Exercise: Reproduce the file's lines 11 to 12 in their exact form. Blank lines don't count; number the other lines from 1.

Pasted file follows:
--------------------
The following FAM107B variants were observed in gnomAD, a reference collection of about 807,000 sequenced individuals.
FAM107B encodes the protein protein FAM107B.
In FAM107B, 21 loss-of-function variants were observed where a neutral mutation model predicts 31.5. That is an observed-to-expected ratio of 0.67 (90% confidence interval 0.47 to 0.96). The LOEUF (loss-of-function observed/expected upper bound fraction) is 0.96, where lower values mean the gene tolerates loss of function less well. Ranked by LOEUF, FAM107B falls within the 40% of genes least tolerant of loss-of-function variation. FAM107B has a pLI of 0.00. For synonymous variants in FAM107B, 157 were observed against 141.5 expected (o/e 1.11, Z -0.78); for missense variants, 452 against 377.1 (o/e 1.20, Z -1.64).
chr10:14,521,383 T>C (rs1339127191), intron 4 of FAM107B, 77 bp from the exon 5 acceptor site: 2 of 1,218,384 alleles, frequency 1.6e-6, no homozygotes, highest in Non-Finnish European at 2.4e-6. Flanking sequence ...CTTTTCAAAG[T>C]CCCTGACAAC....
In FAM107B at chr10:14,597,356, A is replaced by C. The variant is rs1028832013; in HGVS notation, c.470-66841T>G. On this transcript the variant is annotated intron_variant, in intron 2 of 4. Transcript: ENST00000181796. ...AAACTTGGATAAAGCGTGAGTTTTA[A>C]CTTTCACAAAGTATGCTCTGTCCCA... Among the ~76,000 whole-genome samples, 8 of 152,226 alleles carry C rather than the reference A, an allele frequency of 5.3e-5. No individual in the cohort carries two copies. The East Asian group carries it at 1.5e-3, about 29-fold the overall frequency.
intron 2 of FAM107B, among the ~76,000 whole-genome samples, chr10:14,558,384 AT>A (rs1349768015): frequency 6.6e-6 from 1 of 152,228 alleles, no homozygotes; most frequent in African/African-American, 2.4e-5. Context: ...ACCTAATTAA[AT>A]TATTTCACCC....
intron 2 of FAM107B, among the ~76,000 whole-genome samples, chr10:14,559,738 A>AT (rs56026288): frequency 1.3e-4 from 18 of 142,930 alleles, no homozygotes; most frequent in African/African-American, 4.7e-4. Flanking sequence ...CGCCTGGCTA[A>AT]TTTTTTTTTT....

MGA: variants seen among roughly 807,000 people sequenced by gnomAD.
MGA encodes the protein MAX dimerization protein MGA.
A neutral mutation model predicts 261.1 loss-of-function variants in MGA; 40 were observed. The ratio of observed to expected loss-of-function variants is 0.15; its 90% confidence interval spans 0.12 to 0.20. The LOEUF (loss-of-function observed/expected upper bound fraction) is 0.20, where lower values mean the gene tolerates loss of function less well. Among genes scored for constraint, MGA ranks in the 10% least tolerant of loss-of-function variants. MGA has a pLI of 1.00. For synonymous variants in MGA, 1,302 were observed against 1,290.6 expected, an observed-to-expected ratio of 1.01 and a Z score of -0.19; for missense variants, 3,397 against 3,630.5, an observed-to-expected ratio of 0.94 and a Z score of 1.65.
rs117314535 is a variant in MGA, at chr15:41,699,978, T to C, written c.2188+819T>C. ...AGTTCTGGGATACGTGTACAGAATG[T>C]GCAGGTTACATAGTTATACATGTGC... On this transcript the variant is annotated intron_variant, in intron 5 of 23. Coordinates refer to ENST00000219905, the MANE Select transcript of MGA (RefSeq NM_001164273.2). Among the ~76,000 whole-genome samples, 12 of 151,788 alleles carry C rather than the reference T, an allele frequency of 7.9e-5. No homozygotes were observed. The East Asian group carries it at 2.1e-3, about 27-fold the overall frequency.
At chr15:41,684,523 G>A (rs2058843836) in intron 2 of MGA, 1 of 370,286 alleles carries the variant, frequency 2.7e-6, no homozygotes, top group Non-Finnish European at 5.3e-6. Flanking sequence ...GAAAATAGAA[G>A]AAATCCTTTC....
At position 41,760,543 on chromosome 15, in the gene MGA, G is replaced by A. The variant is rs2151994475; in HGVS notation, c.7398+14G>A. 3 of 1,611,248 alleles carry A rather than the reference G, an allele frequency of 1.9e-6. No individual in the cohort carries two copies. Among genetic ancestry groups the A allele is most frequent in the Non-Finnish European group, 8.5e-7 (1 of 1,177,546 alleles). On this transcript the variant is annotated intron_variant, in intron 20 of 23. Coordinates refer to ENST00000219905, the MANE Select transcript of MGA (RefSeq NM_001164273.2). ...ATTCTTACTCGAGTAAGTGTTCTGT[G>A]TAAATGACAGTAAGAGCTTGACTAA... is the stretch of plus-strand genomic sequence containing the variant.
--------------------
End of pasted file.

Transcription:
rs117314535 is a variant in MGA, at chr15:41,699,978, T to C, written c.2188+819T>C. ...AGTTCTGGGATACGTGTACAGAATG[T>C]GCAGGTTACATAGTTATACATGTGC... On this transcript the variant is annotated intron_variant, in intron 5 of 23. Coordinates refer to ENST00000219905, the MANE Select transcript of MGA (RefSeq NM_001164273.2). Among the ~76,000 whole-genome samples, 12 of 151,788 alleles carry C rather than the reference T, an allele frequency of 7.9e-5. No homozygotes were observed. The East Asian group carries it at 2.1e-3, about 27-fold the overall frequency.
At chr15:41,684,523 G>A (rs2058843836) in intron 2 of MGA, 1 of 370,286 alleles carries the variant, frequency 2.7e-6, no homozygotes, top group Non-Finnish European at 5.3e-6. Flanking sequence ...GAAAATAGAA[G>A]AAATCCTTTC....